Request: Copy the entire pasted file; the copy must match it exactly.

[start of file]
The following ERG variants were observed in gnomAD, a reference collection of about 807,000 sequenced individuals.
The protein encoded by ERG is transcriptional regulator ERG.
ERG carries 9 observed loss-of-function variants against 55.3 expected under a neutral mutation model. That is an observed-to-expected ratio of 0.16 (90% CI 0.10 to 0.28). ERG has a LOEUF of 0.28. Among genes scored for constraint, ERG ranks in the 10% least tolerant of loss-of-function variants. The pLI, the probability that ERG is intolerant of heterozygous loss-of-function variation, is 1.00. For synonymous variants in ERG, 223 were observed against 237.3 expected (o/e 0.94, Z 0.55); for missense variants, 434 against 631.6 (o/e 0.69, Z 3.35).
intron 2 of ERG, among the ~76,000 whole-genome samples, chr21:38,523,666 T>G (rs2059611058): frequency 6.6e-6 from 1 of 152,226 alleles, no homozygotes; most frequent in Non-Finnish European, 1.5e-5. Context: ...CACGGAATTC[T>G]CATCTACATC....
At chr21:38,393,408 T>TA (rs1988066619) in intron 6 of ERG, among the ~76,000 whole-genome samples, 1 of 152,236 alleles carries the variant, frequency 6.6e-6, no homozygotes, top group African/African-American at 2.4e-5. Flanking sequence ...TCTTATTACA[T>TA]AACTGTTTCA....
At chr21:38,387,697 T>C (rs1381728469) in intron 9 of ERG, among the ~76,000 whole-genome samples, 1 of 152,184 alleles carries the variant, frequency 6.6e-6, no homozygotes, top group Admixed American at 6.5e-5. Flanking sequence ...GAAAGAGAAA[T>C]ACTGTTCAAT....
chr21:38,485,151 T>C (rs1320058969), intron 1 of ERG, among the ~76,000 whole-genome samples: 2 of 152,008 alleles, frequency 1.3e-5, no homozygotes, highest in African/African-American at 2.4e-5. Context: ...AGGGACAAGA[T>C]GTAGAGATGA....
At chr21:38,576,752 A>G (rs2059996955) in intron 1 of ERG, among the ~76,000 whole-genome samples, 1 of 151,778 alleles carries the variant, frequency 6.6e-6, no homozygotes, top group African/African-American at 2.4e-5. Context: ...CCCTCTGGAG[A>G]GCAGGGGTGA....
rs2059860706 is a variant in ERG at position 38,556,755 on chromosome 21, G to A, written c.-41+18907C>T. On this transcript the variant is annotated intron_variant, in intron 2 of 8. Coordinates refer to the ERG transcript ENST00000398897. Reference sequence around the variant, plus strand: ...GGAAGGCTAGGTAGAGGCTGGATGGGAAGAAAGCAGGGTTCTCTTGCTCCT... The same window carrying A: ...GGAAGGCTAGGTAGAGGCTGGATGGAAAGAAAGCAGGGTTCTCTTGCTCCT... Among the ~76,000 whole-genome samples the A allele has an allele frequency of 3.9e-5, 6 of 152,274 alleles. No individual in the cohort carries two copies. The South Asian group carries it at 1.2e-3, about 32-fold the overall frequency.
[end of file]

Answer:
The following ERG variants were observed in gnomAD, a reference collection of about 807,000 sequenced individuals.
The protein encoded by ERG is transcriptional regulator ERG.
ERG carries 9 observed loss-of-function variants against 55.3 expected under a neutral mutation model. That is an observed-to-expected ratio of 0.16 (90% CI 0.10 to 0.28). ERG has a LOEUF of 0.28. Among genes scored for constraint, ERG ranks in the 10% least tolerant of loss-of-function variants. The pLI, the probability that ERG is intolerant of heterozygous loss-of-function variation, is 1.00. For synonymous variants in ERG, 223 were observed against 237.3 expected (o/e 0.94, Z 0.55); for missense variants, 434 against 631.6 (o/e 0.69, Z 3.35).
intron 2 of ERG, among the ~76,000 whole-genome samples, chr21:38,523,666 T>G (rs2059611058): frequency 6.6e-6 from 1 of 152,226 alleles, no homozygotes; most frequent in Non-Finnish European, 1.5e-5. Context: ...CACGGAATTC[T>G]CATCTACATC....
At chr21:38,393,408 T>TA (rs1988066619) in intron 6 of ERG, among the ~76,000 whole-genome samples, 1 of 152,236 alleles carries the variant, frequency 6.6e-6, no homozygotes, top group African/African-American at 2.4e-5. Flanking sequence ...TCTTATTACA[T>TA]AACTGTTTCA....
At chr21:38,387,697 T>C (rs1381728469) in intron 9 of ERG, among the ~76,000 whole-genome samples, 1 of 152,184 alleles carries the variant, frequency 6.6e-6, no homozygotes, top group Admixed American at 6.5e-5. Flanking sequence ...GAAAGAGAAA[T>C]ACTGTTCAAT....
chr21:38,485,151 T>C (rs1320058969), intron 1 of ERG, among the ~76,000 whole-genome samples: 2 of 152,008 alleles, frequency 1.3e-5, no homozygotes, highest in African/African-American at 2.4e-5. Context: ...AGGGACAAGA[T>C]GTAGAGATGA....
At chr21:38,576,752 A>G (rs2059996955) in intron 1 of ERG, among the ~76,000 whole-genome samples, 1 of 151,778 alleles carries the variant, frequency 6.6e-6, no homozygotes, top group African/African-American at 2.4e-5. Context: ...CCCTCTGGAG[A>G]GCAGGGGTGA....
rs2059860706 is a variant in ERG at position 38,556,755 on chromosome 21, G to A, written c.-41+18907C>T. On this transcript the variant is annotated intron_variant, in intron 2 of 8. Coordinates refer to the ERG transcript ENST00000398897. Reference sequence around the variant, plus strand: ...GGAAGGCTAGGTAGAGGCTGGATGGGAAGAAAGCAGGGTTCTCTTGCTCCT... The same window carrying A: ...GGAAGGCTAGGTAGAGGCTGGATGGAAAGAAAGCAGGGTTCTCTTGCTCCT... Among the ~76,000 whole-genome samples the A allele has an allele frequency of 3.9e-5, 6 of 152,274 alleles. No individual in the cohort carries two copies. The South Asian group carries it at 1.2e-3, about 32-fold the overall frequency.